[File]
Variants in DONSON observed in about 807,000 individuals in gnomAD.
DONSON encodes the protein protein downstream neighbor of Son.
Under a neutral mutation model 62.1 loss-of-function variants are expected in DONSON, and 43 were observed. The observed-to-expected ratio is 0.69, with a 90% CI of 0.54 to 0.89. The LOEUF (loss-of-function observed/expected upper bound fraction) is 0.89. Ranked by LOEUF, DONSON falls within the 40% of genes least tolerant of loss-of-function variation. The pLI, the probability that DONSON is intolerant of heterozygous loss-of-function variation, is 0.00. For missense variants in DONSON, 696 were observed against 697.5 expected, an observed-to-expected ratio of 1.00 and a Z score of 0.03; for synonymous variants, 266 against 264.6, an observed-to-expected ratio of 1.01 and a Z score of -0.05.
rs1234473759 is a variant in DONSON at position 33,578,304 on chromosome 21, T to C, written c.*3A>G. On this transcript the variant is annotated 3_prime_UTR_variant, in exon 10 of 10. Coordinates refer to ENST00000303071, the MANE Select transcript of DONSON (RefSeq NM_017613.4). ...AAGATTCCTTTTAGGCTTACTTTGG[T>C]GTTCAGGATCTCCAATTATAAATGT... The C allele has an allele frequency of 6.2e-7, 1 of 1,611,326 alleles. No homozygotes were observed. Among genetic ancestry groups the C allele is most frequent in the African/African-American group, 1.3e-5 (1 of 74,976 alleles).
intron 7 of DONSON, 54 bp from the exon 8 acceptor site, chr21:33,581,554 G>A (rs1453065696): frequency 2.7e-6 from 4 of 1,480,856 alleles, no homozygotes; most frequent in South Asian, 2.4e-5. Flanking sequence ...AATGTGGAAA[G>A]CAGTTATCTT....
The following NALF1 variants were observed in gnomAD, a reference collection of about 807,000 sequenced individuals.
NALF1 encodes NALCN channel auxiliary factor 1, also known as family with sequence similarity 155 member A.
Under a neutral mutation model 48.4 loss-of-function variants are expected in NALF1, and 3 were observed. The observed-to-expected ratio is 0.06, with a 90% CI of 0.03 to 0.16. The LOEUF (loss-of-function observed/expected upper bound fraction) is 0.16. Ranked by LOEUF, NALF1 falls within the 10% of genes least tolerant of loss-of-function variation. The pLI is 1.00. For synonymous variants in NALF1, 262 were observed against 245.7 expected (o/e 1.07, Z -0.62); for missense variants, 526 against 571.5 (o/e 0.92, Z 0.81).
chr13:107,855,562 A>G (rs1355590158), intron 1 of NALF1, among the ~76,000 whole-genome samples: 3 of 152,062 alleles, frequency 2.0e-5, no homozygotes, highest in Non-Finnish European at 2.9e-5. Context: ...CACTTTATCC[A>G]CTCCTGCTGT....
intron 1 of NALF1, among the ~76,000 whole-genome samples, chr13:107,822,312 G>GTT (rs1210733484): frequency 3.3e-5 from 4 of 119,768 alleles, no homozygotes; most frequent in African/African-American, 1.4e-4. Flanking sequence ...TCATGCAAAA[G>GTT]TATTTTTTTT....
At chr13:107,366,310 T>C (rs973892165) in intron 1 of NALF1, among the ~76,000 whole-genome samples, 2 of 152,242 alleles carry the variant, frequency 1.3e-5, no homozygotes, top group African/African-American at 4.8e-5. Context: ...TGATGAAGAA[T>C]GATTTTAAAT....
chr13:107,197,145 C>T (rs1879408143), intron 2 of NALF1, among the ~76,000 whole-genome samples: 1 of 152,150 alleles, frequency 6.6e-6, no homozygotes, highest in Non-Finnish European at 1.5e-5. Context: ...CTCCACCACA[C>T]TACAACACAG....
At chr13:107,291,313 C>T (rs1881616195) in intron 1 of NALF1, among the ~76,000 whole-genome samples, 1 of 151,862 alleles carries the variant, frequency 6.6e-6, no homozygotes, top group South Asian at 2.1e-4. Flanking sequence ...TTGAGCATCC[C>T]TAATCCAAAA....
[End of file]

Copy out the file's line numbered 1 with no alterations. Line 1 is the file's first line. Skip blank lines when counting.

Variants in DONSON observed in about 807,000 individuals in gnomAD.